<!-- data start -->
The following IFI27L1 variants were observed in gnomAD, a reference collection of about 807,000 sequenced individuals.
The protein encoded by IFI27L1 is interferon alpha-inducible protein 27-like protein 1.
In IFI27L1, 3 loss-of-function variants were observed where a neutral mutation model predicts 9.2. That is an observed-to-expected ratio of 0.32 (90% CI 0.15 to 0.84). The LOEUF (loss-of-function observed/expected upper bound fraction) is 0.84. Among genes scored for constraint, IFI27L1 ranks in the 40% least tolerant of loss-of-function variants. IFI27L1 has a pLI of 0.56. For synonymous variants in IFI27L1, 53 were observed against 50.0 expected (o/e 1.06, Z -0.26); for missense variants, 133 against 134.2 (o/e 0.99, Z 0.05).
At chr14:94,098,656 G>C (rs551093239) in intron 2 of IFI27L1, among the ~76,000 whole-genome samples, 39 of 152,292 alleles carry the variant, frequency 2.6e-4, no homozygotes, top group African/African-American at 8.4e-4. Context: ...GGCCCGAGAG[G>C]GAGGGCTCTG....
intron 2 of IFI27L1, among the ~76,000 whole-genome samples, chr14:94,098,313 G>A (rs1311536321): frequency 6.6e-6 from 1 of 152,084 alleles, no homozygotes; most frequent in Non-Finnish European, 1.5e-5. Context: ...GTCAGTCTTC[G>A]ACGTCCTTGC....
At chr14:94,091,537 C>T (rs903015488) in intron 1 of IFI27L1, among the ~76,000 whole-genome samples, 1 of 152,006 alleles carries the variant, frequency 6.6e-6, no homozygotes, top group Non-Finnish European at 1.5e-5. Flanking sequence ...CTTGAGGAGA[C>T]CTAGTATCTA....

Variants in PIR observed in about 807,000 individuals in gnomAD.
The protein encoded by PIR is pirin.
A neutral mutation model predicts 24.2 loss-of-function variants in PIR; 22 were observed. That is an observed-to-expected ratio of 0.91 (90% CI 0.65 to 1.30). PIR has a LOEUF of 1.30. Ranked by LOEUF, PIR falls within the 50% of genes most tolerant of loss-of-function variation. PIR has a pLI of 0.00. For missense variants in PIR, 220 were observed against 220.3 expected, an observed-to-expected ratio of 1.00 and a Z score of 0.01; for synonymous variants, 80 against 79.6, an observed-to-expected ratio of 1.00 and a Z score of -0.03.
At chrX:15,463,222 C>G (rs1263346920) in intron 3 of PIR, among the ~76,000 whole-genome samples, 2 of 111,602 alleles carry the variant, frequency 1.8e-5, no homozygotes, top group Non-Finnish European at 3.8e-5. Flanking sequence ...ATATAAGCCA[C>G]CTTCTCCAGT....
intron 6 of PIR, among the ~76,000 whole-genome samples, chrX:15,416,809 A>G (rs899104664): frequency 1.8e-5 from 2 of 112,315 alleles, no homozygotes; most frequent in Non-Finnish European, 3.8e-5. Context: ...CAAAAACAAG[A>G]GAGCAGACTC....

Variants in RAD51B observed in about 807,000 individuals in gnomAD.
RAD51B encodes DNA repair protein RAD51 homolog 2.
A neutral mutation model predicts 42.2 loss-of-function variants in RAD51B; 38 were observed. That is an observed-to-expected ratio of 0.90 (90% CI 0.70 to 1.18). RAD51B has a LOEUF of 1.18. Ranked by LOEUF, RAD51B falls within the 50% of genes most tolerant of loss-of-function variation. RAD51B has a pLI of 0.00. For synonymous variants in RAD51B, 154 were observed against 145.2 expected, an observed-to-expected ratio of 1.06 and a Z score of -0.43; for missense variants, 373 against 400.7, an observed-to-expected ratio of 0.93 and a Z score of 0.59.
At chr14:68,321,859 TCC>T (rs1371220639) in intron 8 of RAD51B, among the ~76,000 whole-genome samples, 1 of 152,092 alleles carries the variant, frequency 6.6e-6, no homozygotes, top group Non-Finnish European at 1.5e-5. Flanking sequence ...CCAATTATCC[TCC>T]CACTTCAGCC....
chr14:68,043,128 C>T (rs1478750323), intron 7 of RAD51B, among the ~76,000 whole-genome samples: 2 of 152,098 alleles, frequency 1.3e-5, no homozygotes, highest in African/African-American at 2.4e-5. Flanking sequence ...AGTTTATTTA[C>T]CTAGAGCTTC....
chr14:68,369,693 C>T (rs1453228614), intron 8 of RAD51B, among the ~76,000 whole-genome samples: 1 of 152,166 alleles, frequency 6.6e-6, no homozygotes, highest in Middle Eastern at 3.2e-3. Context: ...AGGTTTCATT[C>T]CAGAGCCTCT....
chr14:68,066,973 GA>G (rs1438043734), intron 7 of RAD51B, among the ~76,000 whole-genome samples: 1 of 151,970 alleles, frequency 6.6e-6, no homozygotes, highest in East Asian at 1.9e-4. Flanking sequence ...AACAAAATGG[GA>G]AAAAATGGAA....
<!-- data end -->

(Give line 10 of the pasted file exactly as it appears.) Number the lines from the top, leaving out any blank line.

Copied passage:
At chrX:15,463,222 C>G (rs1263346920) in intron 3 of PIR, among the ~76,000 whole-genome samples, 2 of 111,602 alleles carry the variant, frequency 1.8e-5, no homozygotes, top group Non-Finnish European at 3.8e-5. Flanking sequence ...ATATAAGCCA[C>G]CTTCTCCAGT....